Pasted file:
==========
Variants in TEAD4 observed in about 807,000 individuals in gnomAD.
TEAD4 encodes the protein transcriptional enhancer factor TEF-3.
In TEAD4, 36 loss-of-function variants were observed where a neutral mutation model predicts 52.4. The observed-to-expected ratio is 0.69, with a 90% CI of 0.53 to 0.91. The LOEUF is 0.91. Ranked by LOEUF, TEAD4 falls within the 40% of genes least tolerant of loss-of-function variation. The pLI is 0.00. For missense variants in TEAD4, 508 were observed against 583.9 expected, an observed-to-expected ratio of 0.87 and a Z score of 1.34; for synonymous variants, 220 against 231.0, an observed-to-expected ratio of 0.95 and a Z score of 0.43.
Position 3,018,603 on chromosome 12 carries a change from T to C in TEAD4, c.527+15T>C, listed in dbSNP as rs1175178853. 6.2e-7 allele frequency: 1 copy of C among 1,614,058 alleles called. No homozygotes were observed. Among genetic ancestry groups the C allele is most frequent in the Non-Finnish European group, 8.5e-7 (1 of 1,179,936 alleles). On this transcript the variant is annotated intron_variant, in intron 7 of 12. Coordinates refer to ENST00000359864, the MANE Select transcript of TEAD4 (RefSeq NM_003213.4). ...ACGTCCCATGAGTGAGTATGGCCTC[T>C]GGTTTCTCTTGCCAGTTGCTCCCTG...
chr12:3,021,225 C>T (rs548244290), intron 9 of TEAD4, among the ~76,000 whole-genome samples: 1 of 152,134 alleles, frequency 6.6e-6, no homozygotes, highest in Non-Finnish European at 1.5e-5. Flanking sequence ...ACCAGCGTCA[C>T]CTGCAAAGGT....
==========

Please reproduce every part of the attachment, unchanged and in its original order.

Variants in TEAD4 observed in about 807,000 individuals in gnomAD.
TEAD4 encodes the protein transcriptional enhancer factor TEF-3.
In TEAD4, 36 loss-of-function variants were observed where a neutral mutation model predicts 52.4. The observed-to-expected ratio is 0.69, with a 90% CI of 0.53 to 0.91. The LOEUF is 0.91. Ranked by LOEUF, TEAD4 falls within the 40% of genes least tolerant of loss-of-function variation. The pLI is 0.00. For missense variants in TEAD4, 508 were observed against 583.9 expected, an observed-to-expected ratio of 0.87 and a Z score of 1.34; for synonymous variants, 220 against 231.0, an observed-to-expected ratio of 0.95 and a Z score of 0.43.
Position 3,018,603 on chromosome 12 carries a change from T to C in TEAD4, c.527+15T>C, listed in dbSNP as rs1175178853. 6.2e-7 allele frequency: 1 copy of C among 1,614,058 alleles called. No homozygotes were observed. Among genetic ancestry groups the C allele is most frequent in the Non-Finnish European group, 8.5e-7 (1 of 1,179,936 alleles). On this transcript the variant is annotated intron_variant, in intron 7 of 12. Coordinates refer to ENST00000359864, the MANE Select transcript of TEAD4 (RefSeq NM_003213.4). ...ACGTCCCATGAGTGAGTATGGCCTC[T>C]GGTTTCTCTTGCCAGTTGCTCCCTG...
chr12:3,021,225 C>T (rs548244290), intron 9 of TEAD4, among the ~76,000 whole-genome samples: 1 of 152,134 alleles, frequency 6.6e-6, no homozygotes, highest in Non-Finnish European at 1.5e-5. Flanking sequence ...ACCAGCGTCA[C>T]CTGCAAAGGT....